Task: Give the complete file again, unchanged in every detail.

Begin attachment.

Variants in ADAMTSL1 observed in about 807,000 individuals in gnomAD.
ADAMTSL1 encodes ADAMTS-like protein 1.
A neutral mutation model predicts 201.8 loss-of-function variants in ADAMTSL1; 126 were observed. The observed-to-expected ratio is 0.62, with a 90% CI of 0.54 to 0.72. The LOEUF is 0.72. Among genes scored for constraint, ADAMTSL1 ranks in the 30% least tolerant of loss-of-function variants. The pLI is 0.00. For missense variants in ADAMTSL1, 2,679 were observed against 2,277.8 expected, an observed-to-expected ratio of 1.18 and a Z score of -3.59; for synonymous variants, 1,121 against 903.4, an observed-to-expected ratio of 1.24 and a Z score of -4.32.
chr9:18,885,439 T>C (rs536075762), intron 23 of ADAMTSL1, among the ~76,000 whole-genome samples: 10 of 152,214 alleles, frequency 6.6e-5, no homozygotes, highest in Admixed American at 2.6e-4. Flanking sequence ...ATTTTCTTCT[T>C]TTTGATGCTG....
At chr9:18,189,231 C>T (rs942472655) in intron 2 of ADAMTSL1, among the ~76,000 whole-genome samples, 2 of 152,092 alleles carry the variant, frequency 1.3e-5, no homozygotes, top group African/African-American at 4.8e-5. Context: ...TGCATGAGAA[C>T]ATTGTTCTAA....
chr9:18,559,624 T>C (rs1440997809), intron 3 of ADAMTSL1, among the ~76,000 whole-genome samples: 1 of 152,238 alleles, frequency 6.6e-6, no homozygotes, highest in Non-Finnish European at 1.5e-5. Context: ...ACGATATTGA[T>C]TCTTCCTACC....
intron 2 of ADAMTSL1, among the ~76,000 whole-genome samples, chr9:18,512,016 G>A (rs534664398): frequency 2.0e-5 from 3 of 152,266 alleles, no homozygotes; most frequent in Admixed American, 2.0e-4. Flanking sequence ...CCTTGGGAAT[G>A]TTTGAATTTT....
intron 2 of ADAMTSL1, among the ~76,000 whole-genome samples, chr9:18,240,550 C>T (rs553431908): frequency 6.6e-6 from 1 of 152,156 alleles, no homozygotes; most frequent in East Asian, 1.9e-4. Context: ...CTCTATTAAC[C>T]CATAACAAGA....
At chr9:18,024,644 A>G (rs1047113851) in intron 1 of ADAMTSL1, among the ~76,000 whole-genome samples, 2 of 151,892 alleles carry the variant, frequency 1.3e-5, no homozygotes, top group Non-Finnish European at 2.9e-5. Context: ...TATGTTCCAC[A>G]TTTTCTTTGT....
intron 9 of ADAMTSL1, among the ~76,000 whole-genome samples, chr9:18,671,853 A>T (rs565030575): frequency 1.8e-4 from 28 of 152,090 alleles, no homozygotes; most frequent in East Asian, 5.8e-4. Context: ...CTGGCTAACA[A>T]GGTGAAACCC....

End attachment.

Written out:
Variants in ADAMTSL1 observed in about 807,000 individuals in gnomAD.
ADAMTSL1 encodes ADAMTS-like protein 1.
A neutral mutation model predicts 201.8 loss-of-function variants in ADAMTSL1; 126 were observed. The observed-to-expected ratio is 0.62, with a 90% CI of 0.54 to 0.72. The LOEUF is 0.72. Among genes scored for constraint, ADAMTSL1 ranks in the 30% least tolerant of loss-of-function variants. The pLI is 0.00. For missense variants in ADAMTSL1, 2,679 were observed against 2,277.8 expected, an observed-to-expected ratio of 1.18 and a Z score of -3.59; for synonymous variants, 1,121 against 903.4, an observed-to-expected ratio of 1.24 and a Z score of -4.32.
chr9:18,885,439 T>C (rs536075762), intron 23 of ADAMTSL1, among the ~76,000 whole-genome samples: 10 of 152,214 alleles, frequency 6.6e-5, no homozygotes, highest in Admixed American at 2.6e-4. Flanking sequence ...ATTTTCTTCT[T>C]TTTGATGCTG....
At chr9:18,189,231 C>T (rs942472655) in intron 2 of ADAMTSL1, among the ~76,000 whole-genome samples, 2 of 152,092 alleles carry the variant, frequency 1.3e-5, no homozygotes, top group African/African-American at 4.8e-5. Context: ...TGCATGAGAA[C>T]ATTGTTCTAA....
chr9:18,559,624 T>C (rs1440997809), intron 3 of ADAMTSL1, among the ~76,000 whole-genome samples: 1 of 152,238 alleles, frequency 6.6e-6, no homozygotes, highest in Non-Finnish European at 1.5e-5. Context: ...ACGATATTGA[T>C]TCTTCCTACC....
intron 2 of ADAMTSL1, among the ~76,000 whole-genome samples, chr9:18,512,016 G>A (rs534664398): frequency 2.0e-5 from 3 of 152,266 alleles, no homozygotes; most frequent in Admixed American, 2.0e-4. Flanking sequence ...CCTTGGGAAT[G>A]TTTGAATTTT....
intron 2 of ADAMTSL1, among the ~76,000 whole-genome samples, chr9:18,240,550 C>T (rs553431908): frequency 6.6e-6 from 1 of 152,156 alleles, no homozygotes; most frequent in East Asian, 1.9e-4. Context: ...CTCTATTAAC[C>T]CATAACAAGA....
At chr9:18,024,644 A>G (rs1047113851) in intron 1 of ADAMTSL1, among the ~76,000 whole-genome samples, 2 of 151,892 alleles carry the variant, frequency 1.3e-5, no homozygotes, top group Non-Finnish European at 2.9e-5. Context: ...TATGTTCCAC[A>G]TTTTCTTTGT....
intron 9 of ADAMTSL1, among the ~76,000 whole-genome samples, chr9:18,671,853 A>T (rs565030575): frequency 1.8e-4 from 28 of 152,090 alleles, no homozygotes; most frequent in East Asian, 5.8e-4. Context: ...CTGGCTAACA[A>T]GGTGAAACCC....